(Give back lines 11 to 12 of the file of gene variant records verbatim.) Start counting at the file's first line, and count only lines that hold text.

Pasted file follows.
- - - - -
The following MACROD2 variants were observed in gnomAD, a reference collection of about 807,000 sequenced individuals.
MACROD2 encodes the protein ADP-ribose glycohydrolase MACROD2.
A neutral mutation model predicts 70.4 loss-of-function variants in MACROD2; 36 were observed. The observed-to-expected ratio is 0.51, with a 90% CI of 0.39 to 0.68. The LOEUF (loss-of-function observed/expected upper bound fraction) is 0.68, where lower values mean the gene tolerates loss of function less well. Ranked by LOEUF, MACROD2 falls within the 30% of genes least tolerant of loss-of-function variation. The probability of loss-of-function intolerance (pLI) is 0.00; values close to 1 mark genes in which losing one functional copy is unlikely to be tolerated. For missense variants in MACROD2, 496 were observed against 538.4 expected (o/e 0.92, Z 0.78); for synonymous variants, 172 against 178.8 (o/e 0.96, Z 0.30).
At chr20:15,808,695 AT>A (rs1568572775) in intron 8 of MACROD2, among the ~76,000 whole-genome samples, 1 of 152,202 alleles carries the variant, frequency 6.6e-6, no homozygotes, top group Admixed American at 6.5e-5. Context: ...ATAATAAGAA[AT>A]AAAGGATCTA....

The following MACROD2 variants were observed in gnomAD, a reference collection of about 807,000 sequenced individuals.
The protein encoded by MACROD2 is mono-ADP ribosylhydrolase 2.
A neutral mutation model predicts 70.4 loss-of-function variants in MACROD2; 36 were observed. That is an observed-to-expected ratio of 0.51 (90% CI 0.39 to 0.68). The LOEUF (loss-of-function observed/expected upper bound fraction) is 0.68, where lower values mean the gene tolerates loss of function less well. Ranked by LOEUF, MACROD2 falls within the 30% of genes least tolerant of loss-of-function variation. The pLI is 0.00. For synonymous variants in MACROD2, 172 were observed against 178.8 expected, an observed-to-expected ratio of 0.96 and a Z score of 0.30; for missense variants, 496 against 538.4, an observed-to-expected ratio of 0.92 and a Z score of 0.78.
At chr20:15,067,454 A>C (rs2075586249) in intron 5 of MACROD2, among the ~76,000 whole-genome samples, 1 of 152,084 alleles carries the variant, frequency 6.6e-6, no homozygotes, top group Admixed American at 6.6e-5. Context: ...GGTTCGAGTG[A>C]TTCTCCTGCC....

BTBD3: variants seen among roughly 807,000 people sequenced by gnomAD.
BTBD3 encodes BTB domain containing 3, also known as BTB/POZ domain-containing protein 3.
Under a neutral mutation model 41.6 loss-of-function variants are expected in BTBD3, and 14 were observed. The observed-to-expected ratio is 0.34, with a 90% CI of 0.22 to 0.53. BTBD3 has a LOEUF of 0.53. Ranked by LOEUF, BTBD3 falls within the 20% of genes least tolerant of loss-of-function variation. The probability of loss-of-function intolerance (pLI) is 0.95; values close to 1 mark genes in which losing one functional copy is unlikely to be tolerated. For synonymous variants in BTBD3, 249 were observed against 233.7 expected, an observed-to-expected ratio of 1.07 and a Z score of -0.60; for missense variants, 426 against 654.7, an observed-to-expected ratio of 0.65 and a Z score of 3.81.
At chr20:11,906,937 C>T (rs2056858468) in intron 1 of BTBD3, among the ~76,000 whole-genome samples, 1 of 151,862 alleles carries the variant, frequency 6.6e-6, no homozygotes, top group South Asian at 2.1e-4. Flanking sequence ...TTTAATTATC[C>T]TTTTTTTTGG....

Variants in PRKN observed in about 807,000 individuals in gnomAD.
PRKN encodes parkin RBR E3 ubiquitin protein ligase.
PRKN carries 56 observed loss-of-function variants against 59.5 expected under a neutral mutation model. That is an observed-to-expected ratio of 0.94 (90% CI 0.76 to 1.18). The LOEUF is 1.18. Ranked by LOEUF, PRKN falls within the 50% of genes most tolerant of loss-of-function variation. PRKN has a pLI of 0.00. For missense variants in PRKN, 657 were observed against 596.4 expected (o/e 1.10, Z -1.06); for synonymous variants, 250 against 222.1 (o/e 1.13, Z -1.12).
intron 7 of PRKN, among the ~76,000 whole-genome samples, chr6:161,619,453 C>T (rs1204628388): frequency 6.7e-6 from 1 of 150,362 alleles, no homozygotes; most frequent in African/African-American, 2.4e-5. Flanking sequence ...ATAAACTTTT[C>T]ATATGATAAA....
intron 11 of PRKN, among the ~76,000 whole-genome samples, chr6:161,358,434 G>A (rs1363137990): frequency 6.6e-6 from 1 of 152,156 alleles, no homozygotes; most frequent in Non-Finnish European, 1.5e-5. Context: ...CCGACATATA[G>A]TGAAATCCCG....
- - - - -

Under a neutral mutation model 41.6 loss-of-function variants are expected in BTBD3, and 14 were observed. The observed-to-expected ratio is 0.34, with a 90% CI of 0.22 to 0.53. BTBD3 has a LOEUF of 0.53. Ranked by LOEUF, BTBD3 falls within the 20% of genes least tolerant of loss-of-function variation. The probability of loss-of-function intolerance (pLI) is 0.95; values close to 1 mark genes in which losing one functional copy is unlikely to be tolerated. For synonymous variants in BTBD3, 249 were observed against 233.7 expected, an observed-to-expected ratio of 1.07 and a Z score of -0.60; for missense variants, 426 against 654.7, an observed-to-expected ratio of 0.65 and a Z score of 3.81.
At chr20:11,906,937 C>T (rs2056858468) in intron 1 of BTBD3, among the ~76,000 whole-genome samples, 1 of 151,862 alleles carries the variant, frequency 6.6e-6, no homozygotes, top group South Asian at 2.1e-4. Flanking sequence ...TTTAATTATC[C>T]TTTTTTTTGG....